A true story of triumph over tragedy, Curtis McGrath is a para-canoeist like no other. On the 23rd of August 2012, young soldier Curtis McGrath’s life changed forever. The decorated Sapper was two months into a tour of Taliban-rife areas of Afghanistan when he stepped on a homemade landmine, otherwise known as an IED (Improvised Explosive Device). The then 24-year-old tragically lost both his legs in the blast.
Curtis enlisted into the Australian Army on the 12th June 2006, at the age of 18. His focus immediately turned to Combat Engineering, a role that’s main aim is to “Provide mobility whilst denying the enemy mobility”. Duties range from building structures and converting seawater into drinking water for both the Army and the local populous, to destroying bridges and clearing mines and booby traps.
Thirty minutes after losing both his legs in an horrific blast in Afghanistan, in those traumatic moments as he was being stretchered from the bomb site, Curtis was already thinking about pursuing a career as an amputee athlete. Fully aware of his grim situation and partly to maintain consciousness as a survival mechanism, he joked with those helping him about becoming a Paralympian. He didn’t know what sport he was going to do, but his positive outlook and determination to rebound and get on with achieving his driving ambitions is what has made this man get to where he is today.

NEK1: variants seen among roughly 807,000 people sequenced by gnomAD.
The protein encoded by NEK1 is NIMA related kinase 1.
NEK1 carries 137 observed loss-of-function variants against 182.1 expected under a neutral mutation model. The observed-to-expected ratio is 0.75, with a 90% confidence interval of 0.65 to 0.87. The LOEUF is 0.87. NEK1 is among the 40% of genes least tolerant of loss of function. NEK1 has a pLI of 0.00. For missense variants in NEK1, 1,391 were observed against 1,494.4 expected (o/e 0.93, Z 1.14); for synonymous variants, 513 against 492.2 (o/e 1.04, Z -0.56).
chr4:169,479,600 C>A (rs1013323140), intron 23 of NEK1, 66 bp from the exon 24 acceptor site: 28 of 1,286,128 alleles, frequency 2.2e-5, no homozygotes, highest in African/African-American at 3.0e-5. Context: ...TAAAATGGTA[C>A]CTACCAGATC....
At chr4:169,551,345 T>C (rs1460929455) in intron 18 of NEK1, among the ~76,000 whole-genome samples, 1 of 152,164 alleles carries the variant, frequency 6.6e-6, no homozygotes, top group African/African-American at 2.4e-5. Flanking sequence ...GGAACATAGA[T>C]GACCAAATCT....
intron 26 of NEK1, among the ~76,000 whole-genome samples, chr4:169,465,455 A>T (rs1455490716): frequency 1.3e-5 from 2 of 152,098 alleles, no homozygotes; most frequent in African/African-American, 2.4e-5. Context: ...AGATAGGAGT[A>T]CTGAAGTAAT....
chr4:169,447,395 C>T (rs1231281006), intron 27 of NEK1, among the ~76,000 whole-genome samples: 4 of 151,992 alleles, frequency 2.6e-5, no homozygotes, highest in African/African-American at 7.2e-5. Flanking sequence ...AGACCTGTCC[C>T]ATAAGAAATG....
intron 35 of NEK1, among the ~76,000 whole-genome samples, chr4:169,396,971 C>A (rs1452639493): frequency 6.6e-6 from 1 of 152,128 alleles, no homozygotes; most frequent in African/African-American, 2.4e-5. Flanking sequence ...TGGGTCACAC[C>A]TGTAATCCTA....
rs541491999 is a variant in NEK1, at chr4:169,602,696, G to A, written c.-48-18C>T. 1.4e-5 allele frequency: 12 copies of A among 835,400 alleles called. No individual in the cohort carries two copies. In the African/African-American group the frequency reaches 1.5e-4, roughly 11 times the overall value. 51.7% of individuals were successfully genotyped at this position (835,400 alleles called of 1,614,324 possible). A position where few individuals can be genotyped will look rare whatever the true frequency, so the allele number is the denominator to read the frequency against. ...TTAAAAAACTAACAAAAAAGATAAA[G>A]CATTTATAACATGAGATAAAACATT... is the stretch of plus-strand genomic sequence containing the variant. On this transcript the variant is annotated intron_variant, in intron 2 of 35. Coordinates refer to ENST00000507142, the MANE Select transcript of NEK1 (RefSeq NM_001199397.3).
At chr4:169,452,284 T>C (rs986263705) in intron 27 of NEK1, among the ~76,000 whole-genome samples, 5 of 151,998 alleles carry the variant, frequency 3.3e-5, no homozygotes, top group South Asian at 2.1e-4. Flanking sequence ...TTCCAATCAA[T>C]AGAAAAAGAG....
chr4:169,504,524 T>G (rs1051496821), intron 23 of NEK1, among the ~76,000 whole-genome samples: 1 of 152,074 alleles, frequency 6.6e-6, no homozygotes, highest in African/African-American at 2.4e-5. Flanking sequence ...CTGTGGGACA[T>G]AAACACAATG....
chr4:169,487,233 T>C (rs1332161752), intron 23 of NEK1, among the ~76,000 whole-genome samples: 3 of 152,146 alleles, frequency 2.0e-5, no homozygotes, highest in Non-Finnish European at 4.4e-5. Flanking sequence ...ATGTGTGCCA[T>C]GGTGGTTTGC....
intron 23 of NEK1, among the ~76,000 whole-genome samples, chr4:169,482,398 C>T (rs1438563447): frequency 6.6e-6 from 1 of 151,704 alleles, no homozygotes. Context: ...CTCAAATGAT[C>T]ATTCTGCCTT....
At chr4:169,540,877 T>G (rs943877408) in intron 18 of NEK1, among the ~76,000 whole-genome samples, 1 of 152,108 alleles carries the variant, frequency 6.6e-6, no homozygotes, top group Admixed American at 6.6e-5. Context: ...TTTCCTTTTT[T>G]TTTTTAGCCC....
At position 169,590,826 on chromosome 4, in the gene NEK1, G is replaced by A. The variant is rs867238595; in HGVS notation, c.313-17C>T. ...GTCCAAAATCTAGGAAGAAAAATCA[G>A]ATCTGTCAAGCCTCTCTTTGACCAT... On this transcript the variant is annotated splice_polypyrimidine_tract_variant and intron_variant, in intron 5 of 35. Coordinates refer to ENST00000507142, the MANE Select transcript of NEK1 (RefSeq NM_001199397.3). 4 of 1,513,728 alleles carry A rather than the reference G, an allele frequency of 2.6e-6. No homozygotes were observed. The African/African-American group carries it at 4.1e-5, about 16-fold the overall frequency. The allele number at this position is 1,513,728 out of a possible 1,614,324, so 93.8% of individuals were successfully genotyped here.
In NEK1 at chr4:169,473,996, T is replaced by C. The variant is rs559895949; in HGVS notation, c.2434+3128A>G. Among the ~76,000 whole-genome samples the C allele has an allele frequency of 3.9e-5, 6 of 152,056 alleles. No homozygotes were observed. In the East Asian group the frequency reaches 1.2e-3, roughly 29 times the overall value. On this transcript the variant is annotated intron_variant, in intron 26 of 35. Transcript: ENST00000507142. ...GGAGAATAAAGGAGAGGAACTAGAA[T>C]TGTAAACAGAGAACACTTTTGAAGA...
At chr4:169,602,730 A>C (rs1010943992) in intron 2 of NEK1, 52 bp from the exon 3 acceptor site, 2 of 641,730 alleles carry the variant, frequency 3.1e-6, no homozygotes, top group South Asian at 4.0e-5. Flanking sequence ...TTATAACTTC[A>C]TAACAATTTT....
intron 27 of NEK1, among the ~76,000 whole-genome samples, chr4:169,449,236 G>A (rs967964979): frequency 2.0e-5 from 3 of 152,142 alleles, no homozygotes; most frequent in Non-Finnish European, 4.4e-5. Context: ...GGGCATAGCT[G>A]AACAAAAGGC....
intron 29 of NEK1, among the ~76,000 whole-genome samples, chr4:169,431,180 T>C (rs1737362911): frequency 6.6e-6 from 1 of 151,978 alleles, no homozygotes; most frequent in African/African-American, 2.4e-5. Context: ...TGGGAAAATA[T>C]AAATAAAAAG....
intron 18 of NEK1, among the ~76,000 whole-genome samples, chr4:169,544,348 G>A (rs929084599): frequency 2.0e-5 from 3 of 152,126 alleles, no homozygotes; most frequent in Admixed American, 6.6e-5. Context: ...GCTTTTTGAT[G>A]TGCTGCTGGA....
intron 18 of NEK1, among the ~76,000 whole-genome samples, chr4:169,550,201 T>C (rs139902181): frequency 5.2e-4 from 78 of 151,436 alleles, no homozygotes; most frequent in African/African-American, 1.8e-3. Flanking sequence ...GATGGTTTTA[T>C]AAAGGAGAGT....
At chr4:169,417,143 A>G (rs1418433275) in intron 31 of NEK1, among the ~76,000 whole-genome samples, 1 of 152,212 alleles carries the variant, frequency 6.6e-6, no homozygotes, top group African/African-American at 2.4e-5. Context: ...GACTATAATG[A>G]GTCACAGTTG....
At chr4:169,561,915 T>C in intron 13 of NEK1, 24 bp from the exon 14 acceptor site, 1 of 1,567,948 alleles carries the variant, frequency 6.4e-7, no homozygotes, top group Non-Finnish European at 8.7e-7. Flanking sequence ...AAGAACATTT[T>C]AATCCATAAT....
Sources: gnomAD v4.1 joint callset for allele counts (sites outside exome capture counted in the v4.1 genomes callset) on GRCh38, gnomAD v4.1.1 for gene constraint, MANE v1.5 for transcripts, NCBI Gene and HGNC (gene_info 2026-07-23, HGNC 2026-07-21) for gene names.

Curtis had lost his right leg above the knee and the left leg just below the knee. After a miraculously speedy recovery and rehabilitation process, Curtis was fitted with legs made by Otto Bock, a German company first started after World War I.
Having won gold at Rio in 2016, Curtis is currently training for his second Olympics in Tokyo.
Sport: He tried his hand at a few sports but settled on canoeing, an activity he’d dabbled in at school.
Curtis only took up outrigger canoeing in January 2014 and has made it all the way to be one of the fastest sprint canoeist in the world. In 2015 the International Paralympic Committee made the decision to replace the outrigger canoe with the sprint kayak. Curtis has had to quickly adapt to the kayak to be eligible for the Paralympics. He trained 12 times a week during the build-up to the competition. This training was given by an elite kayaker and now Australian Paracanoe Coach Guy Powers. He had Curtis working hard right from the word go.
Awards: He’s won two gold medals at the 2016, 17 and 18 ICF Paracanoe World Championships and a Paralympic gold medal in the Men’s 200m KL2 kayak event at the 2016 Rio Paralympics.
In February 2017 Curtis became the first Paralympic athlete to be honoured by being named ‘Sportsman of the Year’ at the World Paddle Awards and Australian Canoeing Paracanoeist of the Year. That same year he was honoured with an Order of Australia Medal. Curtis also was an ambassador for the Invictus Games 2018 in Sydney where he helped build the profile of the games and worked for the ABC on the broadcasting team with Chris Bath, Anthony ‘Lehmo’ Lehman and Dylan Alcott OAM.